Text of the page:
He was a Native American warrior known as Tecumseh. Translated into English, the name means "Shooting Star." The fiery Shawnee leader's passions burned brightly during his life, as he struggled to protect his people's property rights and cultural heritage from being destroyed by white settlers. Like a comet's tail, Tecumseh's legacy continues to shine long after his passing. The life and legend of this warrior chief are the focus of John Sugden's biography Tecumseh. Tecumseh's powerful impact on Native Americans, both during his life and following his death, are thoroughly analyzed by Sugden, a noted authority on the Shawnee chief.
"Even today one can still feel that passionate belief that spurred Tecumseh on, that powerful spirit that again and again urged him to confront every obstacle and meet every danger." There have been volumes written about the warrior chief, who spent most of his life roaming the upper Midwest and Canada. Born sometime in the late 1760s, Tecumseh died in the War of 1812, while leading a failed effort to stave off aggressive American expansionism. During his life, he was often feared and vilified by whites. Upon his death, his stature as a heroic figure grew, almost to the point of exaggeration. This point leads Sugden to state that his mission is to provide readers with an accurate account of Tecumseh's life, which he does in exhaustive detail.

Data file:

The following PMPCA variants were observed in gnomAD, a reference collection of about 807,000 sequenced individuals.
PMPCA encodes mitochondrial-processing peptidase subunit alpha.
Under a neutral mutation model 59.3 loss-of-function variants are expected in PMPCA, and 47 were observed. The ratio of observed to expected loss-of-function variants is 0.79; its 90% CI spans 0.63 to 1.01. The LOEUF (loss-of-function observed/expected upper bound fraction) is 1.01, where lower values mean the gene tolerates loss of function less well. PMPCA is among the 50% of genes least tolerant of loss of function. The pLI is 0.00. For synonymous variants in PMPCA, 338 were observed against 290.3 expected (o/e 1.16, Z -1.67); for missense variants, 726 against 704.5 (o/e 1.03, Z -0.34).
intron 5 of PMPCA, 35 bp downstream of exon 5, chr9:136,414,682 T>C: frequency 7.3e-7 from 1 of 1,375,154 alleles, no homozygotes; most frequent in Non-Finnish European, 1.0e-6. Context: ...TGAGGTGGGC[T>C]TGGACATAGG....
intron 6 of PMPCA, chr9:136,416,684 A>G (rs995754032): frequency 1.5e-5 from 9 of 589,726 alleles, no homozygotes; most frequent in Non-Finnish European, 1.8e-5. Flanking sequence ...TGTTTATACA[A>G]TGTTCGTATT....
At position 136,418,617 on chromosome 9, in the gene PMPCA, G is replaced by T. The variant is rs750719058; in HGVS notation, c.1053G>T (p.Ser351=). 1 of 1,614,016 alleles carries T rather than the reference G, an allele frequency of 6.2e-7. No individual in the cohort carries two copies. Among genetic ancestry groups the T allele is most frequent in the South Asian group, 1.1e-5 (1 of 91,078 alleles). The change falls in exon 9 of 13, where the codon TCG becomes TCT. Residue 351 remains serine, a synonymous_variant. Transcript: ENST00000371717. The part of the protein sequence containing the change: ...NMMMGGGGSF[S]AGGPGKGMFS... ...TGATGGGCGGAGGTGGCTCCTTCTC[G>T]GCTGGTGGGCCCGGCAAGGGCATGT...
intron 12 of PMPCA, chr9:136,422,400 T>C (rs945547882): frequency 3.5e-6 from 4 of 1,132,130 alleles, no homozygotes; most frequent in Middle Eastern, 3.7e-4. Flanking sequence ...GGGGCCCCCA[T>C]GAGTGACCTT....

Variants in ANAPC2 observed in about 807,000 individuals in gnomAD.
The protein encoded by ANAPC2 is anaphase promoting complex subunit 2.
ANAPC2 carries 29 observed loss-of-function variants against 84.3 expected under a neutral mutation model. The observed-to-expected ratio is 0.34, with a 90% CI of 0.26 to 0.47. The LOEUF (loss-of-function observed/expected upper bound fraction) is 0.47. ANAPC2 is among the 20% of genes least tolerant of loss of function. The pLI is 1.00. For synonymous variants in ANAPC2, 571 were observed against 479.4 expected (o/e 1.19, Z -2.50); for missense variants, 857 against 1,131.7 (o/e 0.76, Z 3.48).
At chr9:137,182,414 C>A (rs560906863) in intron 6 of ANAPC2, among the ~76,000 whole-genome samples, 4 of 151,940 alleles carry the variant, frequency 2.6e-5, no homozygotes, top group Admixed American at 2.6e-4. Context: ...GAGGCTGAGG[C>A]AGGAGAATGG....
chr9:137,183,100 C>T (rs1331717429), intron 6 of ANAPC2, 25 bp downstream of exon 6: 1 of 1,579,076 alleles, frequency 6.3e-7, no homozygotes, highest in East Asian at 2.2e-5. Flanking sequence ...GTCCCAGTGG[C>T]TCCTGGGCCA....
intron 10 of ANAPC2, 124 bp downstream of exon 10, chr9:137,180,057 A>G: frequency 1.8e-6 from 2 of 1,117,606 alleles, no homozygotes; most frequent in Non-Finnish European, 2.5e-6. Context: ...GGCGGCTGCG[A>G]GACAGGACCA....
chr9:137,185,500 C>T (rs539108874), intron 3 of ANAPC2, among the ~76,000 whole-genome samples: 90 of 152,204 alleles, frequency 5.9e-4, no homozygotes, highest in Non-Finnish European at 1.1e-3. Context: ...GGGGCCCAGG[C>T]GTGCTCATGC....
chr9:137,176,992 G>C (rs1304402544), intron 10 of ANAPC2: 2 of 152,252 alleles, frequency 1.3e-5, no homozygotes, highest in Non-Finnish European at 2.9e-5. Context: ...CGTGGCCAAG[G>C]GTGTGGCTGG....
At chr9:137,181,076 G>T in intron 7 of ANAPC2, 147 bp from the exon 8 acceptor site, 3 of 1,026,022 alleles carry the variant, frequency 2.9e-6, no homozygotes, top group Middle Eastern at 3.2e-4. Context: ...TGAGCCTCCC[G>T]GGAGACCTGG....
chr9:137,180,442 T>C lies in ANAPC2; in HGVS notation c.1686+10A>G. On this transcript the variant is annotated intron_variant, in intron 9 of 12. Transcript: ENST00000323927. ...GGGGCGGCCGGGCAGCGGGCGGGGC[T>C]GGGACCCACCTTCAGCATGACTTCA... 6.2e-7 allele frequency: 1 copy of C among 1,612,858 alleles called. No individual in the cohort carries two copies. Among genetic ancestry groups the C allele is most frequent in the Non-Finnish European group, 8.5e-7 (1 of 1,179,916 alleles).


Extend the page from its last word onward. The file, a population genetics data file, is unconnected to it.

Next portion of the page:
While some of the magic is lost as Sugden dispels the many myths, he offers insight into what influenced Tecumseh's life-long quest to unite Native Americans and preserve their civilization. A disdain for white settlers formed early in Tecumseh's childhood after settlers killed his father, seized the hunting grounds, and uprooted the Shawnees from Ohio. While these events could have turned him into a bitter, savage warrior, Sugden points out that Tecumseh grew into a strong, inspiring leader. This is further illustrated by several examples of how Tecumseh overruled fellow warriors to spare an enemy's life. Delving into Tecumseh's past allows us to further appreciate this renowned and gifted speaker and diplomat who skillfully negotiated with the U.S. government. Yet the biography also portrays Tecumseh as a human being with his own shortcomings. "Arrogance, impulsiveness, haughty pride, and a capacity for ruthlessness were all part of his makeup," writes Sugden, "but it was his virtues that were remembered, even by his enemies."
The author also explores how Tecumseh urged his people to strive for self-improvement by rejecting alcohol, witchcraft, and violence attempts that were influenced by his brother, Lalawethika, the Prophet, who told of messages he received from the Great Spirit. Unfortunately, Tecumseh's efforts to reform and unite Native Americans had to be set aside when forced to defend Shawnee land, resulting in the ill-fated alliance with the British against the United States in the War of 1812. While Tecumseh gave his life in the war, Sugden writes that the warrior chief also gave his people a lasting gift. "Tecumseh may have been unsuccessful, but he bequeathed to Indian peoples something of great importance: from his memory they have drawn pride and self-respect."